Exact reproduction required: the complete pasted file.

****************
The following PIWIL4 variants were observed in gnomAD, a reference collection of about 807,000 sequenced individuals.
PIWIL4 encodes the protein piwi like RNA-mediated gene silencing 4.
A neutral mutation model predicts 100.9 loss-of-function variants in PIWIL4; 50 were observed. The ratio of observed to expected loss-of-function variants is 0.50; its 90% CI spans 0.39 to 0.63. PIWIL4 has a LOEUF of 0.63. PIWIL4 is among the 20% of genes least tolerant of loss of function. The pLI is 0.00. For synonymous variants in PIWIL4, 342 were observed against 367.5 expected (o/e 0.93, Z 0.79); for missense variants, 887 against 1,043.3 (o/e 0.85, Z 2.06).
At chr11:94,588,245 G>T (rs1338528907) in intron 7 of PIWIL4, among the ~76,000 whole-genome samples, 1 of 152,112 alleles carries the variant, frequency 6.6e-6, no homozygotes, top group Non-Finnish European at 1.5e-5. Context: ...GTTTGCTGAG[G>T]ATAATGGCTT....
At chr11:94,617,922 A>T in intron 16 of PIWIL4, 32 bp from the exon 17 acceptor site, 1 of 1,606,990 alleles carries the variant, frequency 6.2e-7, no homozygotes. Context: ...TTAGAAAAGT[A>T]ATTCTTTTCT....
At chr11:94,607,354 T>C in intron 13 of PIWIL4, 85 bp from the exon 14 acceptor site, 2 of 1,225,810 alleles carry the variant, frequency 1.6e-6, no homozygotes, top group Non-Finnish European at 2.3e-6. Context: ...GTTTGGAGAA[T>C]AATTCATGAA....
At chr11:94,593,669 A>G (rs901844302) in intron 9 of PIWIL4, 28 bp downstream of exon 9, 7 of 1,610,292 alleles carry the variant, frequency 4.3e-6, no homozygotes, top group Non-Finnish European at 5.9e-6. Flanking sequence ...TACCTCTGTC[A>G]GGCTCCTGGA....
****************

The following PIWIL4 variants were observed in gnomAD, a reference collection of about 807,000 sequenced individuals.
PIWIL4 encodes the protein piwi like RNA-mediated gene silencing 4.
A neutral mutation model predicts 100.9 loss-of-function variants in PIWIL4; 50 were observed. The ratio of observed to expected loss-of-function variants is 0.50; its 90% CI spans 0.39 to 0.63. PIWIL4 has a LOEUF of 0.63. PIWIL4 is among the 20% of genes least tolerant of loss of function. The pLI is 0.00. For synonymous variants in PIWIL4, 342 were observed against 367.5 expected (o/e 0.93, Z 0.79); for missense variants, 887 against 1,043.3 (o/e 0.85, Z 2.06).
At chr11:94,588,245 G>T (rs1338528907) in intron 7 of PIWIL4, among the ~76,000 whole-genome samples, 1 of 152,112 alleles carries the variant, frequency 6.6e-6, no homozygotes, top group Non-Finnish European at 1.5e-5. Context: ...GTTTGCTGAG[G>T]ATAATGGCTT....
At chr11:94,617,922 A>T in intron 16 of PIWIL4, 32 bp from the exon 17 acceptor site, 1 of 1,606,990 alleles carries the variant, frequency 6.2e-7, no homozygotes. Context: ...TTAGAAAAGT[A>T]ATTCTTTTCT....
At chr11:94,607,354 T>C in intron 13 of PIWIL4, 85 bp from the exon 14 acceptor site, 2 of 1,225,810 alleles carry the variant, frequency 1.6e-6, no homozygotes, top group Non-Finnish European at 2.3e-6. Context: ...GTTTGGAGAA[T>C]AATTCATGAA....
At chr11:94,593,669 A>G (rs901844302) in intron 9 of PIWIL4, 28 bp downstream of exon 9, 7 of 1,610,292 alleles carry the variant, frequency 4.3e-6, no homozygotes, top group Non-Finnish European at 5.9e-6. Flanking sequence ...TACCTCTGTC[A>G]GGCTCCTGGA....